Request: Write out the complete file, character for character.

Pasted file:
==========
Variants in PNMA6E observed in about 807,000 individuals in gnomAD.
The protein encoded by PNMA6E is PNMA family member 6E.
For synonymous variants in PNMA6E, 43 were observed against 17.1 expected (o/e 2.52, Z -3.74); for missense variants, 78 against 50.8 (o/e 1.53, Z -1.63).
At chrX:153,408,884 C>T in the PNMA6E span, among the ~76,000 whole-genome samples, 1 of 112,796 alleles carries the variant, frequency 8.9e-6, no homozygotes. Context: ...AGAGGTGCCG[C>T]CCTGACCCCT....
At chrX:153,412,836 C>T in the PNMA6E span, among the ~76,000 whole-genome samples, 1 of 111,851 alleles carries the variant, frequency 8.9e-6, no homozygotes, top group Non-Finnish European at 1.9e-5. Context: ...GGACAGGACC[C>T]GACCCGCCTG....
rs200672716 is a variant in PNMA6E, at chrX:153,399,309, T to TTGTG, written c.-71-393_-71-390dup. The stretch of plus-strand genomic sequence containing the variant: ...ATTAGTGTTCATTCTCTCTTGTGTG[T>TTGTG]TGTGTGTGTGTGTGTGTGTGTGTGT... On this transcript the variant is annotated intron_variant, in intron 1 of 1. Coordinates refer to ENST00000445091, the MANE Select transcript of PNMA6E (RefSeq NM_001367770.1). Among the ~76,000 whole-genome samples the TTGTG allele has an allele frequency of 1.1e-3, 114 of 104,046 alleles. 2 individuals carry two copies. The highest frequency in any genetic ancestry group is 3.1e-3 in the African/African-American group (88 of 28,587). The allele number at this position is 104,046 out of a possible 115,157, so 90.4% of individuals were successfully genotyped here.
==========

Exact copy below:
Variants in PNMA6E observed in about 807,000 individuals in gnomAD.
The protein encoded by PNMA6E is PNMA family member 6E.
For synonymous variants in PNMA6E, 43 were observed against 17.1 expected (o/e 2.52, Z -3.74); for missense variants, 78 against 50.8 (o/e 1.53, Z -1.63).
At chrX:153,408,884 C>T in the PNMA6E span, among the ~76,000 whole-genome samples, 1 of 112,796 alleles carries the variant, frequency 8.9e-6, no homozygotes. Context: ...AGAGGTGCCG[C>T]CCTGACCCCT....
At chrX:153,412,836 C>T in the PNMA6E span, among the ~76,000 whole-genome samples, 1 of 111,851 alleles carries the variant, frequency 8.9e-6, no homozygotes, top group Non-Finnish European at 1.9e-5. Context: ...GGACAGGACC[C>T]GACCCGCCTG....
rs200672716 is a variant in PNMA6E, at chrX:153,399,309, T to TTGTG, written c.-71-393_-71-390dup. The stretch of plus-strand genomic sequence containing the variant: ...ATTAGTGTTCATTCTCTCTTGTGTG[T>TTGTG]TGTGTGTGTGTGTGTGTGTGTGTGT... On this transcript the variant is annotated intron_variant, in intron 1 of 1. Coordinates refer to ENST00000445091, the MANE Select transcript of PNMA6E (RefSeq NM_001367770.1). Among the ~76,000 whole-genome samples the TTGTG allele has an allele frequency of 1.1e-3, 114 of 104,046 alleles. 2 individuals carry two copies. The highest frequency in any genetic ancestry group is 3.1e-3 in the African/African-American group (88 of 28,587). The allele number at this position is 104,046 out of a possible 115,157, so 90.4% of individuals were successfully genotyped here.